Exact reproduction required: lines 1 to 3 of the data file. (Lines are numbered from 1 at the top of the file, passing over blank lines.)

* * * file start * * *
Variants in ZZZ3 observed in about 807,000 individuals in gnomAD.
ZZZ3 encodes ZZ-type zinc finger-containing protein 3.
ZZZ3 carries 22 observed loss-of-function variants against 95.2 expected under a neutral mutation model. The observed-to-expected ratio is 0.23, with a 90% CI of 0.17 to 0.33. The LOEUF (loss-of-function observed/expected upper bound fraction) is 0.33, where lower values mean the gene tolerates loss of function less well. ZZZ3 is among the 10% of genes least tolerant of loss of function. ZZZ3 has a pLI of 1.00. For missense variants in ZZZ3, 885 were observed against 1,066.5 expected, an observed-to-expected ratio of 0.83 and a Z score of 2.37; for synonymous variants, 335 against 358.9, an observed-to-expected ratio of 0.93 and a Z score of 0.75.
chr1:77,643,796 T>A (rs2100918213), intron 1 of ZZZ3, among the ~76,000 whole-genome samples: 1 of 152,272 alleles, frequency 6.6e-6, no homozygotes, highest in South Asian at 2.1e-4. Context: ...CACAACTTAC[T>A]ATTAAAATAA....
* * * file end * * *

Variants in ZZZ3 observed in about 807,000 individuals in gnomAD.
ZZZ3 encodes ZZ-type zinc finger-containing protein 3.
ZZZ3 carries 22 observed loss-of-function variants against 95.2 expected under a neutral mutation model. The observed-to-expected ratio is 0.23, with a 90% CI of 0.17 to 0.33. The LOEUF (loss-of-function observed/expected upper bound fraction) is 0.33, where lower values mean the gene tolerates loss of function less well. ZZZ3 is among the 10% of genes least tolerant of loss of function. ZZZ3 has a pLI of 1.00. For missense variants in ZZZ3, 885 were observed against 1,066.5 expected, an observed-to-expected ratio of 0.83 and a Z score of 2.37; for synonymous variants, 335 against 358.9, an observed-to-expected ratio of 0.93 and a Z score of 0.75.